WWE: Too Many People, Not Enough Time….Or Is There?

Justin LaBar

WWE programming as a whole, is the best its been in quite some time in my opinion. Recent ratings for RAW and Smackdown would say that the majority of the WWE universe concurs.

Although there is still some interesting things about the rosters and booking that makes me want to examine the WWE closer and break down the x’s and o’s of the roster.

The following is based off of WWE.com and the show rosters as of June 29, 2010.

47 characters on RAW
37 characters on Smackdown

6 Divas, 1 self-proclaimed cougar and 1 straight edge bald girl
24 Superstars, 1 of whom is in a vegetative state, and 1 who needs a new visa
4 announcers/GM’s
1 little person

9 divas and 1 Tamina
1 former interpreter of Khali’s
1 chairman of the board
3 announcers
32 Superstars- 7 are part of Nexus and 1 of those 7 not allowed in the country, Triple H is out, Ezekiel Jackson is out.

Monday, June 28th edition of RAW featured a match (and I use that term lightly) between Santino and Kozlov. Followed by Sheamus vs Mark Henry, divas tag match and finally the 8 man tag main event.

Now having your 8 biggest stars in one match is going to naturally limit the amount of matches on television. The time otherwise used in RAW to further the storylines, such as the attack on the WWE legends was not terrible, in fact some of it was logical.


That being said, every week there are a lot of guys who go unseen to the cameras and only those in the arena are privileged to see for WWE Superstars tapings or dark matches.

Guys like Yoshi Tatsu, Goldust and Primo. For Smackdown with an even smaller roster, those such as Chavo, Chris Masters, Tyler Reks, Finlay, are all guys that are on the main roster but have no place on television week to week.

Now Goldust has had his run and is like a fun attraction of nostalgia, the same can be said for Chavo and Finlay. While neither Chavo or Finlay ever reached quite the controversial or mainstream run that Goldust had in the mid 90’s, they both have had long established careers in the business. Tyler Reks, Primo and Yoshi are all still young, so its not too late to see them eventually elevated to television.

But what about a Chris Masters? He stands out as the guy who once had that promising push of “Master lock challenge” along with being undefeated and a great entrance. Wellness violations hurt him. There is no excuses for it and it hurt him. I mean the guy served his time and took his abuse from inside jokes courtesy of Triple H, but I don’t see that as I reason to be pushed to the back of the line and never allowed to step forward. We have seen others do worse and get pulled back to the front.

Hell, at least Kozlov had his run and when he fell flat in matches with The Undertaker, it gave a legitimate reason to why he needed more work and less television time. Even after all of that, Kozlov is getting television time to dance and do a poor version of the worm. I have nothing against Kozlov, he’s just one case that stands out to me.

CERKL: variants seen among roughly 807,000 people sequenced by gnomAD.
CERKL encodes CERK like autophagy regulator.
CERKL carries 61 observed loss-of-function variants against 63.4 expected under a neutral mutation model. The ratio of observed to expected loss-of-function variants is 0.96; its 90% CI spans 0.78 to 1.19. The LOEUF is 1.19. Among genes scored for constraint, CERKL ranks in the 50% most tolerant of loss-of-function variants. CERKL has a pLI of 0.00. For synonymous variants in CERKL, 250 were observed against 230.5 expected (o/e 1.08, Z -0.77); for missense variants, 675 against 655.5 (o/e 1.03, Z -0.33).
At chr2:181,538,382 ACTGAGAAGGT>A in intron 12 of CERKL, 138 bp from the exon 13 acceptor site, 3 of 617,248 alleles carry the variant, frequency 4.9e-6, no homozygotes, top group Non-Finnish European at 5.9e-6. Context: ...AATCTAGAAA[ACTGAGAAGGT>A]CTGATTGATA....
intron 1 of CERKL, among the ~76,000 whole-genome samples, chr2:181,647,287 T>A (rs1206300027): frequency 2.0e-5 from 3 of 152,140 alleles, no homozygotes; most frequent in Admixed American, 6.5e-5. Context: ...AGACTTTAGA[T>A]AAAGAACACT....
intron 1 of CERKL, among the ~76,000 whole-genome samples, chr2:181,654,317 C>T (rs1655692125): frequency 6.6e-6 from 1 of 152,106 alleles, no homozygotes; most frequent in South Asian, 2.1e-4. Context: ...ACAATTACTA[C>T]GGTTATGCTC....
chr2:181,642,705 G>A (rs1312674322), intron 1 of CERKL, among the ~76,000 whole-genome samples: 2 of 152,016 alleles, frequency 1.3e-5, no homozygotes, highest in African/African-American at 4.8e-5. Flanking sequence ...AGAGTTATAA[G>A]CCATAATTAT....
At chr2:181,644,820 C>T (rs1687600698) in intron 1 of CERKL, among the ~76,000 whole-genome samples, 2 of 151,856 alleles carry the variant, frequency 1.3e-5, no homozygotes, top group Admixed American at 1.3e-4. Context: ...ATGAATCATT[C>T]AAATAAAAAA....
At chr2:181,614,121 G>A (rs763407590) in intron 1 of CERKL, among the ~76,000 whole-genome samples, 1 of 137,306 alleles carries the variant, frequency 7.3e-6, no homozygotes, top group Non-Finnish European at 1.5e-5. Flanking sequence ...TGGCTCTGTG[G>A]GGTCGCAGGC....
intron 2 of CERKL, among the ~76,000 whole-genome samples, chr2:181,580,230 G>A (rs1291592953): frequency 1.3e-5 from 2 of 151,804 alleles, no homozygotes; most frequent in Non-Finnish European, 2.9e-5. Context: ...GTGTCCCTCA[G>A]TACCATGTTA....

RAW and Smackdown are two hours. In todays product, between in-ring promos, the necessary recaps to further major storylines, plus 2 and 3 segment matches, time is precious. You have WWE superstars and need some content for it, so I see why guys get stuck in the circulation of being on that program versus the two main ones.

This the issue now after season 1 of NXT. The WWE got away with it by sticking them all in a group and making them appear together. What about after season 2? Besides whoever wins, I am sure at least a few guys are going to be at the point of being ready to stay on the main roster. Then we will have even more guys to try and keep relevant.


What about PPV’s? Put a few guys that have no feud or serious back story with each other, stick them in a match. Have one or two of those to fill the first half hour of the PPV. Instead of the being dark matches for the audience, put them on for the paying customer. People are paying 45 bucks, I don’t think many will complain about seeing as many matches and guys as possible.

Put guys like Masters in an opening contest and see how they crowd reacts to some of their moves or quick microphone work before a match. Now I know, time time time. Make the PPV’s 4 hours. Fatal 4Way ended with a half hour still left in the 3 hour block. WWE has to time the PPV to end early. If they run 1 minute over of 3 hours in the live broadcast than those watching the Encore will miss the end of the PPV.

So move PPV’s to be on from 7-11 eastern time. This way you can time the PPV to finish early but still give the customer 3 hours and 45 minutes of content. And yes, if the regular PPV’s are 4, make WrestleMania 5. Mania is always packed with stuff they don’t get to fit into the show so its not like you will be searching for content.

I never have been nor do I plan to be one of those guys who compares the WWE to the UFC, because its two different ball games, but I will say this, the UFC does a good job giving you as much as they can on the PPV. They have matches from earlier in the night that if time permits they squeeze into the PPV, and their matches time duration is unknown because its a real fight that isn’t scripted. The WWE has the luxury of with a few minutes, give or take, to have the night down to a perfect timing.

So I say that while we are getting intriguing stories with The Undertaker, Nexus, General Manager, let’s keep the momentum going by giving more matches for our dollar…..after all according to Vince McMahon when he speaks to the shareholders, "we like to think of ourselves as the best bargain and entertainment."

justin.labar@yahoo.com is where you rant or praise to me

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